Google translate test
If you’re multilingual, translate your copy in another language you speak

Your copy is vague. Now what?

If you realized your copy is missing important points, add the missing information. Rewrite your copy using plain, specific and clear words. Then reapply this test.

#5 The 5 Seconds Test

Magic powers: Tests the probability of your prospects staying on your website longer than 5 seconds.

If your website fails to instantly communicate to your customers what you do, what you offer and what’s in it for them, they’ll leave faster than you can blink.

Ask a volunteer (ideally, someone who is a part of your target audience) to look at your homepage for 5 seconds and then to answer these questions:

  • Do you understand what this website offers?
  • Do you know what benefit this page provides?
  • Can you recall the name of the person, the company or the product?

This test has been kindly brought to you by people from Usability Hub (that also suggested applying this test to website design).

People don’t get what your website offers. Now what?

You can do a couple of things here:

  • Ask your volunteer what exactly they found confusing.
  • Apply the BS test to make sure your copy is clear.
  • Apply the “So what?” test to make sure your copy communicates what’s in it for your prospects
  • Use one of the website tagline formulas to create a clear website tagline.
  • Make sure your copy is properly formatted to be easily readable and your design not visually cluttered.

#6 The Ctrl + F Ego Test

Magic powers: Uncovers copy where you talk too much about yourself.

We all have a friend who just won’t shut up about themselves. Every time you talk to them, it’s “me, me, me”.

#eyeroll

Super annoying, isn’t it? You wish for the conversation to be over before it even started.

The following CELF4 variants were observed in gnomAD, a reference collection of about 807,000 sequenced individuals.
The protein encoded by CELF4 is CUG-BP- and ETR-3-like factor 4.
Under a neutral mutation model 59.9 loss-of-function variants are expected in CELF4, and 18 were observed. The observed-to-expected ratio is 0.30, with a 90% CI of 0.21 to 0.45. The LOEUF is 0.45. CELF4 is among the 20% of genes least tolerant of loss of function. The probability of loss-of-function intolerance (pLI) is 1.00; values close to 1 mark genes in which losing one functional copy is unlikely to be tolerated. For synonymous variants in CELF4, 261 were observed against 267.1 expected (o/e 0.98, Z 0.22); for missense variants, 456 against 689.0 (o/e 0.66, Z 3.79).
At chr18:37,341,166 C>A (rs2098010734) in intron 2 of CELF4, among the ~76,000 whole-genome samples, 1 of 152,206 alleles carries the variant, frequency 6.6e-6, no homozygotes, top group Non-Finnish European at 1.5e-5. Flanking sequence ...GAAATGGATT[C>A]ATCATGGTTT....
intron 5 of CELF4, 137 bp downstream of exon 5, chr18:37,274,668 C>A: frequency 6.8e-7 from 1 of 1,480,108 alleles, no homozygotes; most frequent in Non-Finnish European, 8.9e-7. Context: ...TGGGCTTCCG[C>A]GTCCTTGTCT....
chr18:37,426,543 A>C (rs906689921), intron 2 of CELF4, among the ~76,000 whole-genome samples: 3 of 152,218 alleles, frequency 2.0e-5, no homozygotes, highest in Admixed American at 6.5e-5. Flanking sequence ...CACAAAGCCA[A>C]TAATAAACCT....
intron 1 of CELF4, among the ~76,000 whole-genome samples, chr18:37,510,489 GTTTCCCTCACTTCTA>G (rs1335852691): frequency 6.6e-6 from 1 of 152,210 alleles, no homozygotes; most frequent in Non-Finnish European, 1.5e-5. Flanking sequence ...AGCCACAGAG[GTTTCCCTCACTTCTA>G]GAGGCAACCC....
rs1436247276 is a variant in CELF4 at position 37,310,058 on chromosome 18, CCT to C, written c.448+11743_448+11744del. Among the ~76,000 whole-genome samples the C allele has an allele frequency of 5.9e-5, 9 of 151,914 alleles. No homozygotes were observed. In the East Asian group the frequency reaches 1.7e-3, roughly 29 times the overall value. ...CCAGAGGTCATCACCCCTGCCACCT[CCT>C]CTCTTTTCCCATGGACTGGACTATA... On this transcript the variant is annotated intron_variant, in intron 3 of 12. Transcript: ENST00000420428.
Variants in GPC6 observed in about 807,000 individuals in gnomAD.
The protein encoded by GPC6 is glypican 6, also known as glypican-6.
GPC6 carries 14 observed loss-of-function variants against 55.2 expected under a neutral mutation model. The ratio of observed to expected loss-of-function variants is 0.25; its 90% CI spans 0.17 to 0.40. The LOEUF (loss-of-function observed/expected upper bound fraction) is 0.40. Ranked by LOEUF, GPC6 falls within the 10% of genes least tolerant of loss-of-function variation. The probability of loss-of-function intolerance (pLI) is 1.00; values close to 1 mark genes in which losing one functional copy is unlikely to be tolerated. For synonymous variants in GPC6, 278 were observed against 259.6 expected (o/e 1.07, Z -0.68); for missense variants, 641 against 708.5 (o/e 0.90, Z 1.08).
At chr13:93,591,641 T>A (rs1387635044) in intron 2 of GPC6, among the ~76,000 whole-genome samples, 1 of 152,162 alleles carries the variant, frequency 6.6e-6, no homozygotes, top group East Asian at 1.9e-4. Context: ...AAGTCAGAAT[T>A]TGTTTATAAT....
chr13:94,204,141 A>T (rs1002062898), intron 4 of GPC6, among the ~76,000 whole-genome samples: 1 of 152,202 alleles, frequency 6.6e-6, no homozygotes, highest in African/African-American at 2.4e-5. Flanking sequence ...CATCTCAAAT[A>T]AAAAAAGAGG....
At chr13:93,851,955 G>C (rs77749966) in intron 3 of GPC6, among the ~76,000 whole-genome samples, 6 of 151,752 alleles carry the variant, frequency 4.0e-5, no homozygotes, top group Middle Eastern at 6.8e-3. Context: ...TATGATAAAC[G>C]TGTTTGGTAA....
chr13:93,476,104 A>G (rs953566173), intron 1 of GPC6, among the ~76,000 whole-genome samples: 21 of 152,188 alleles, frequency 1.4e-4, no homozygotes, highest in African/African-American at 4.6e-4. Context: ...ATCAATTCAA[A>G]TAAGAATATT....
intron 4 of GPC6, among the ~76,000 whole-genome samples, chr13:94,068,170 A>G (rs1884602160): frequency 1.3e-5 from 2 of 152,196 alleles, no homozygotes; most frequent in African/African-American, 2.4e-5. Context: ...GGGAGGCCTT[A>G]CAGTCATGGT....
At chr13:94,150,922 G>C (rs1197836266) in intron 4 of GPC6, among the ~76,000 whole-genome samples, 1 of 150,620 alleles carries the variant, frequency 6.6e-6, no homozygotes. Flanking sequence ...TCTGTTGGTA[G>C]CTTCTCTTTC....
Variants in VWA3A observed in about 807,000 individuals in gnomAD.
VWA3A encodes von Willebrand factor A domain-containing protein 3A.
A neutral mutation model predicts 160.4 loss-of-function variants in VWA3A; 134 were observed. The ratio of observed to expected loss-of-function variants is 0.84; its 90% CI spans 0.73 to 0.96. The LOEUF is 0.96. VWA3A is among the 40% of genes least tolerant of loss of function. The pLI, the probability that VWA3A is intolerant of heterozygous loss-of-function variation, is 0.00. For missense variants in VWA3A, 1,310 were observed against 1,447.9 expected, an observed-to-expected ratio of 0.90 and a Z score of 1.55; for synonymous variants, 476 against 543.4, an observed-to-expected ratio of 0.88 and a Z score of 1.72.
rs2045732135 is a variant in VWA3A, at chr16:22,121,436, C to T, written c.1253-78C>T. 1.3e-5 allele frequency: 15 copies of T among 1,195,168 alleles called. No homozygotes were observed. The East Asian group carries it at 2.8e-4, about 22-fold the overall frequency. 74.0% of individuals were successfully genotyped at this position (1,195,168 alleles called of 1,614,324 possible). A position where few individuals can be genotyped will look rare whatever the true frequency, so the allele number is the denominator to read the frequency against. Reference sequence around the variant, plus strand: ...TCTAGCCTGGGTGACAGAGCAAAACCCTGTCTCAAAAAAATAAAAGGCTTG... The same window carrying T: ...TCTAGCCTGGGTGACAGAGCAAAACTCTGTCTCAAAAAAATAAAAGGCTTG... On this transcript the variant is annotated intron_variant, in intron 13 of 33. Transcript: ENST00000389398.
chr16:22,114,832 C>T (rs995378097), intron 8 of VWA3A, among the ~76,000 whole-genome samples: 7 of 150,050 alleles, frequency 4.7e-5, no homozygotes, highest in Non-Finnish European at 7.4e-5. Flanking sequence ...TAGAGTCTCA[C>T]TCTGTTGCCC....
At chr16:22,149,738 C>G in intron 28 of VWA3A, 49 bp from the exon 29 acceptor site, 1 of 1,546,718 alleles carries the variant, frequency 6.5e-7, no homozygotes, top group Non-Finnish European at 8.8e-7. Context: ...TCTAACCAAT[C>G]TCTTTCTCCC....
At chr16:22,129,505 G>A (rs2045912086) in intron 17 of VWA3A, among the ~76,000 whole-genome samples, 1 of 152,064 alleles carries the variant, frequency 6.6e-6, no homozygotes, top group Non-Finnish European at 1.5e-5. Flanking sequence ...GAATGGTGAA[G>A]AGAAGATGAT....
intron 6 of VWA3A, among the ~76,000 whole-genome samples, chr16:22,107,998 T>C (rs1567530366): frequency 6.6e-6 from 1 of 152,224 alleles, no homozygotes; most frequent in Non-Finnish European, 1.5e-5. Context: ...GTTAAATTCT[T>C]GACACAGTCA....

Here’s how you tell if you are that friend to your prospects.

  1. Open a page on your website
  2. Press Ctrl+F and type “I ” (mind the space character after “I”)
  3. Write down the number of occurrences
  4. Repeat for:
    • my
    • we / our (if you’re a company)
    • [your name] / her / his (if you are talking about yourself in the 3d person)
    • you / your

…and compare the numbers

Your copy is too self-centered. Now what?

If you use I /  my / we etc. more often than you / yours, rephrase the self-centered sentences:

  • Business owners -> You
  • I provide -> You’ll get
  • I teach -> You’ll learn
  • I’ll show you how -> Find out how
  • I worked with clients XYZ -> I helped clients XYZ achieve…
  • I work with one client at a time -> Your project will have my undivided attention
  • I started my career in 1990, in a company X. Then I switched to company Y in 1996 -> OMG, nobody cares! Tell people how you can help and add testimonials from your previous clients showing that you deliver results.

Bonus: #7 The Face Palm Test

Magic powers: An instant indicator of horrible copy.

To give you an idea how it works, here’s an image of a website reviewer conducting a face palm test.

Face palm gesture
An unidentified website reviewer conducting a face palm test, XIX century, France

Unfortunately, this test doesn’t work when it comes to your own copy, and the scientists still struggle to find the reason.

So I’ll be happy to conduct this test (as well as other, more legitimate tests of your copy, design and user experience) on your website.

I recently launched a new homepage review service. The current discount price will hold for only 25 first reviews (as I’m writing these lines, there are just 19 places left).

Want to improve your homepage to get more inquiries on autopilot?

Check out Gill’s homepage reviews